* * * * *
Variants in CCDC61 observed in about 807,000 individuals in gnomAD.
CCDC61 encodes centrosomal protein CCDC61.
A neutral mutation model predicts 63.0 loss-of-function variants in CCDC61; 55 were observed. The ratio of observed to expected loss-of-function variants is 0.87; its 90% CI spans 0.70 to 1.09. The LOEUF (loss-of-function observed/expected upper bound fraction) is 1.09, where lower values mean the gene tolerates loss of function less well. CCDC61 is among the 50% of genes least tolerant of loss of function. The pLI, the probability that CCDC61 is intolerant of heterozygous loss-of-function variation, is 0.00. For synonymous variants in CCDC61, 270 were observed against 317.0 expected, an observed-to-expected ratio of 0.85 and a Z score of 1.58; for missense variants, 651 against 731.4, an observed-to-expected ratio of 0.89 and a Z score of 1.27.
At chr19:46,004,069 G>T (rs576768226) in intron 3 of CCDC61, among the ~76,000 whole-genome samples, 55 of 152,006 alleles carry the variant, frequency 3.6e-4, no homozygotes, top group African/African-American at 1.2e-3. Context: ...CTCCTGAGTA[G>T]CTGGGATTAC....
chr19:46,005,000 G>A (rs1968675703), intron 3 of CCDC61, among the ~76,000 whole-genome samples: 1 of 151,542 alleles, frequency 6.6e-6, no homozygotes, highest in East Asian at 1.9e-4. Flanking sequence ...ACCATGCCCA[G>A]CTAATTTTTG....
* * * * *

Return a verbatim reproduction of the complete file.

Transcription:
Variants in CCDC61 observed in about 807,000 individuals in gnomAD.
CCDC61 encodes centrosomal protein CCDC61.
A neutral mutation model predicts 63.0 loss-of-function variants in CCDC61; 55 were observed. The ratio of observed to expected loss-of-function variants is 0.87; its 90% CI spans 0.70 to 1.09. The LOEUF (loss-of-function observed/expected upper bound fraction) is 1.09, where lower values mean the gene tolerates loss of function less well. CCDC61 is among the 50% of genes least tolerant of loss of function. The pLI, the probability that CCDC61 is intolerant of heterozygous loss-of-function variation, is 0.00. For synonymous variants in CCDC61, 270 were observed against 317.0 expected, an observed-to-expected ratio of 0.85 and a Z score of 1.58; for missense variants, 651 against 731.4, an observed-to-expected ratio of 0.89 and a Z score of 1.27.
At chr19:46,004,069 G>T (rs576768226) in intron 3 of CCDC61, among the ~76,000 whole-genome samples, 55 of 152,006 alleles carry the variant, frequency 3.6e-4, no homozygotes, top group African/African-American at 1.2e-3. Context: ...CTCCTGAGTA[G>T]CTGGGATTAC....
chr19:46,005,000 G>A (rs1968675703), intron 3 of CCDC61, among the ~76,000 whole-genome samples: 1 of 151,542 alleles, frequency 6.6e-6, no homozygotes, highest in East Asian at 1.9e-4. Flanking sequence ...ACCATGCCCA[G>A]CTAATTTTTG....